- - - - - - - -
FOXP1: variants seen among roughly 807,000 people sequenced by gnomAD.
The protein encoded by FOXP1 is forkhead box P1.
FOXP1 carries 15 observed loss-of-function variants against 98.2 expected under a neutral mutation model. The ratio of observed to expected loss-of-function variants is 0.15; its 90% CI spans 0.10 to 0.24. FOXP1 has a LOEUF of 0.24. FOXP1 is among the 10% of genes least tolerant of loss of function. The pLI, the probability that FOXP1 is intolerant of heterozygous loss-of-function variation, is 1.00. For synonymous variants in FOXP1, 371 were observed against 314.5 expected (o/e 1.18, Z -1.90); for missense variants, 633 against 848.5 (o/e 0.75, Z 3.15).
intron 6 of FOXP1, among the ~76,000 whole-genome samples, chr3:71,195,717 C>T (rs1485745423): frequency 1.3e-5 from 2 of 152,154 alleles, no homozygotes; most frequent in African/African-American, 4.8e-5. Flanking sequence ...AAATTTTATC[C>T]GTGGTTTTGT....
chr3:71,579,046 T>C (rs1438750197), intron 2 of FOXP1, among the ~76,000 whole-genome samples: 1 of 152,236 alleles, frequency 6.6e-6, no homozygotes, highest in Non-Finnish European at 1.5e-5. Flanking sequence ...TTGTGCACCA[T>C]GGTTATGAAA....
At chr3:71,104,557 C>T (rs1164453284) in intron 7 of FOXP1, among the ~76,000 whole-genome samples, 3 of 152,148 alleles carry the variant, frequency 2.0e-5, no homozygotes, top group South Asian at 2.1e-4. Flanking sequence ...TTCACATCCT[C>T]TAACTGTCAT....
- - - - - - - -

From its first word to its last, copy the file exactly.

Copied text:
FOXP1: variants seen among roughly 807,000 people sequenced by gnomAD.
The protein encoded by FOXP1 is forkhead box P1.
FOXP1 carries 15 observed loss-of-function variants against 98.2 expected under a neutral mutation model. The ratio of observed to expected loss-of-function variants is 0.15; its 90% CI spans 0.10 to 0.24. FOXP1 has a LOEUF of 0.24. FOXP1 is among the 10% of genes least tolerant of loss of function. The pLI, the probability that FOXP1 is intolerant of heterozygous loss-of-function variation, is 1.00. For synonymous variants in FOXP1, 371 were observed against 314.5 expected (o/e 1.18, Z -1.90); for missense variants, 633 against 848.5 (o/e 0.75, Z 3.15).
intron 6 of FOXP1, among the ~76,000 whole-genome samples, chr3:71,195,717 C>T (rs1485745423): frequency 1.3e-5 from 2 of 152,154 alleles, no homozygotes; most frequent in African/African-American, 4.8e-5. Flanking sequence ...AAATTTTATC[C>T]GTGGTTTTGT....
chr3:71,579,046 T>C (rs1438750197), intron 2 of FOXP1, among the ~76,000 whole-genome samples: 1 of 152,236 alleles, frequency 6.6e-6, no homozygotes, highest in Non-Finnish European at 1.5e-5. Flanking sequence ...TTGTGCACCA[T>C]GGTTATGAAA....
At chr3:71,104,557 C>T (rs1164453284) in intron 7 of FOXP1, among the ~76,000 whole-genome samples, 3 of 152,148 alleles carry the variant, frequency 2.0e-5, no homozygotes, top group South Asian at 2.1e-4. Flanking sequence ...TTCACATCCT[C>T]TAACTGTCAT....